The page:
PHP

Code for a PHP Times Table

 

 

The code for the Times Table in the previous page
uses a For Loop. The Start for the loop will come from the Start Number textbox,
and the end of the loop will come from the End Number textbox. Here’s the
code in full (without the HTML):

<?PHP

$times = 2;

if (isset($_POST[‘Submit1’])) {

$start = $_POST[‘txtStart’];
$end = $_POST[‘txtEnd’];
$times = $_POST[‘txtTimes’];

for($start; $start <= $end; $start++) {

$answer = $start * $times;
print $start . ” multiplied by ” . $times . ” = ” . $answer
. “<BR>”;

}

}

?>

Code Explanation

We need all those numbers from the textboxes on the
form, so we start with:

$times = 2;

if (isset($_POST[‘Submit1’])) {

$start = $_POST[‘txtStart’];
$end = $_POST[‘txtEnd’];
$times = $_POST[‘txtTimes’];

}

The first line just puts a value in the variable called $times . This is
so that the “Multiply By” textbox will have a default value when
the page is loaded.

Next we use the isset( ) function again, just to check if the user
clicked the Submit button. This is exactly the same as you saw in the last
section.

To get the values from the textboxes, we use the following:

$start = $_POST[‘txtStart’];
$end = $_POST[‘txtEnd’];
$times = $_POST[‘txtTimes’];

Again, this is code you met in the last section. You just assign the values
from the textboxes to the new variables using $_POST[]. In between the square
brackets, we’ve typed the NAME of the HTML textboxes. So this gives us the
values that the user entered on the form. Next comes out For Loop:

for($start; $start <= $end; $start++) {

$answer = $start * $times;

}

Let’s look at that first line again:

for($start; $start <= $end; $start++) {

So we have a starting value for our loop, an end value, and an update expression.
The starting value is coming from the variable called $start. This will be
whatever number the user entered in the first textbox. The default is 1. Look
at the end value, though:

$start <= $end

The end value is when the value in the variable called $start is less than
or equal to the value held in the variable called $end. This works because
we’re increasing the value of $start each time round the loop. The variable
called $end is a fixed value, and comes from the textbox on the form.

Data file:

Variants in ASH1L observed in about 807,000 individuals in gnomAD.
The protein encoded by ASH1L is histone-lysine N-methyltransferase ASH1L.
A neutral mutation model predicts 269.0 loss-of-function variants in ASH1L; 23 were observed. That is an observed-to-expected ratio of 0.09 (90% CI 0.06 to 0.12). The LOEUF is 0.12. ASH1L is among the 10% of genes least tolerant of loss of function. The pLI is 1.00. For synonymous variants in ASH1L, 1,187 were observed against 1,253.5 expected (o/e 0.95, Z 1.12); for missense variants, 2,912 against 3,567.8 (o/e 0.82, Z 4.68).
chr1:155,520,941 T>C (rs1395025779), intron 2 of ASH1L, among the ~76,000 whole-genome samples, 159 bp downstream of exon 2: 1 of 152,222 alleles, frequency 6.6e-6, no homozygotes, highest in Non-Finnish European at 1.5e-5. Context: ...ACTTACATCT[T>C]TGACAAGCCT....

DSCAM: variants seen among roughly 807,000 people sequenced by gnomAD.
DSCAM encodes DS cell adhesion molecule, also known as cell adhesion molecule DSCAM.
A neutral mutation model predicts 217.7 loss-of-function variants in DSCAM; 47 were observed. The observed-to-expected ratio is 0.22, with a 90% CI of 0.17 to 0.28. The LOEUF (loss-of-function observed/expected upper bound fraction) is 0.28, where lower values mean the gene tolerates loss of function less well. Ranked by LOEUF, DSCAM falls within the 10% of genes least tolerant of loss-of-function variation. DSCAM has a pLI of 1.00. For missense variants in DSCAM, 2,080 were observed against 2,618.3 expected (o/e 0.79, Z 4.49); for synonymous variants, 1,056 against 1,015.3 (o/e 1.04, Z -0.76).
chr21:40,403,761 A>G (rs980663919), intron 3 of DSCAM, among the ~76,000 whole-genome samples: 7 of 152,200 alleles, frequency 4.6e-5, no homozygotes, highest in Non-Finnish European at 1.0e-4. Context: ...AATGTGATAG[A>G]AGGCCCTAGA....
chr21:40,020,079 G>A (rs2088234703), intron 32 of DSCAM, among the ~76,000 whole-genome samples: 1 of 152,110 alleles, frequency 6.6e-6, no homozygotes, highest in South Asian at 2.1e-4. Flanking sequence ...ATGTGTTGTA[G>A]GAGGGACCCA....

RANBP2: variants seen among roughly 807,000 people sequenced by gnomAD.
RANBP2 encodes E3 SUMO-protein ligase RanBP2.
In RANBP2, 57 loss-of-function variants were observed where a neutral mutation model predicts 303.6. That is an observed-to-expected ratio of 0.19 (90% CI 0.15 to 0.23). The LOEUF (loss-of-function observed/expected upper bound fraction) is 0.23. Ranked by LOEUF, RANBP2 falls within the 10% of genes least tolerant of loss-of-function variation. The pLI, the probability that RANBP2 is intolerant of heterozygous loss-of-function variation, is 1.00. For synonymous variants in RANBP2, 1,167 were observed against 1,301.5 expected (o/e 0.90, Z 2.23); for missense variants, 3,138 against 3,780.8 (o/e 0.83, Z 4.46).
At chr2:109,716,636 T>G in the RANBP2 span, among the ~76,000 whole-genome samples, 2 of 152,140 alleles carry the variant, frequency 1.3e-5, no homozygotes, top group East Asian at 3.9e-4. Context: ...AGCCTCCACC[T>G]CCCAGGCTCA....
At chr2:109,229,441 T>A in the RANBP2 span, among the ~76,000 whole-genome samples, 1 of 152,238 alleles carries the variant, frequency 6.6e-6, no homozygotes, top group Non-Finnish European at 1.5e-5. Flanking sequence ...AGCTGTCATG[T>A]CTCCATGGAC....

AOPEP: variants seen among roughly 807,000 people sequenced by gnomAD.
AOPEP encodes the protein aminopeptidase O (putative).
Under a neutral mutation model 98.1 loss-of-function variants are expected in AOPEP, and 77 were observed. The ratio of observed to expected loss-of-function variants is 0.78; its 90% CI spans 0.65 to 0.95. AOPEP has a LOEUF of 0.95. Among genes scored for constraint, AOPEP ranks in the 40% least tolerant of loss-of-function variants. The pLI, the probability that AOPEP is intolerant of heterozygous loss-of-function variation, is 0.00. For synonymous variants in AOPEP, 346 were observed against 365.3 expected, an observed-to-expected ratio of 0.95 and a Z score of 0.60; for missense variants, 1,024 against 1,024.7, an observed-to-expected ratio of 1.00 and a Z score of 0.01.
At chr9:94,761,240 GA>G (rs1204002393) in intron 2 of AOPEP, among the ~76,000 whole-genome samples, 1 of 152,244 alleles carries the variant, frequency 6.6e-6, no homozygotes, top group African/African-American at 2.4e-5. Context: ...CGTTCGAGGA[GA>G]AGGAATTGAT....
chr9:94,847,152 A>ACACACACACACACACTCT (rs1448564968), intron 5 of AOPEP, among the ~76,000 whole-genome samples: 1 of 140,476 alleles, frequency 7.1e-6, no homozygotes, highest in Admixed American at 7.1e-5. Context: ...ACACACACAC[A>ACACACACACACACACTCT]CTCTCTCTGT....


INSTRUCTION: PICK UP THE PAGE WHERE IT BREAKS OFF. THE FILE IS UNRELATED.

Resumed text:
The last part of the loop code is the update expression. This tells PHP to
increase the value of $start each time round the loop:

$start++

The double plus symbol (++) means “add 1 to the number held in $start”.

And that’s the essence of for loops: provide a start value, an end value,
and how you want to update each time round the loop.

The code inside the for loop, however, the code that gets executed each time
round the loop, is this:

$answer = $start * $times;

Remember, the variable $times holds the times table, the 2 times table by
default. This is being multiplied by whatever is inside the variable $start.
Each time round the loop, $start will have a different value – first
1, then 2, then 3, etc. The answer is then stored in the variable that we
called $answer. So it’s really doing this:

$answer = 1 * 2;
$answer = 2 * 2;
$answer = 3 * 2;
etc

Finally, we displayed the result to the page like this:

print $start . ” multiplied by ”
. $times . ” = ” . $answer . “<BR>”;

This is just concatenation. See if you can work out what all the parts do!

And that’s it – your very own times table generator. If you have
children, show them the programme you wrote. They’ll be very impressed
and tell you how brilliant you are. Children are like that.

Of course, your programme is not perfect, which I’m sure the children
will discover. Especially if they enter a 10 as the start number and a 1 as
the end number. Why doesn’t it print anything out? Anything you can do to
trap this error? Another if statement somewhere, perhaps?

|

Kaynak : https://www.homeandlearn.co.uk/php/php5p3.html ‘sitesinden alıntı

Yorum Yap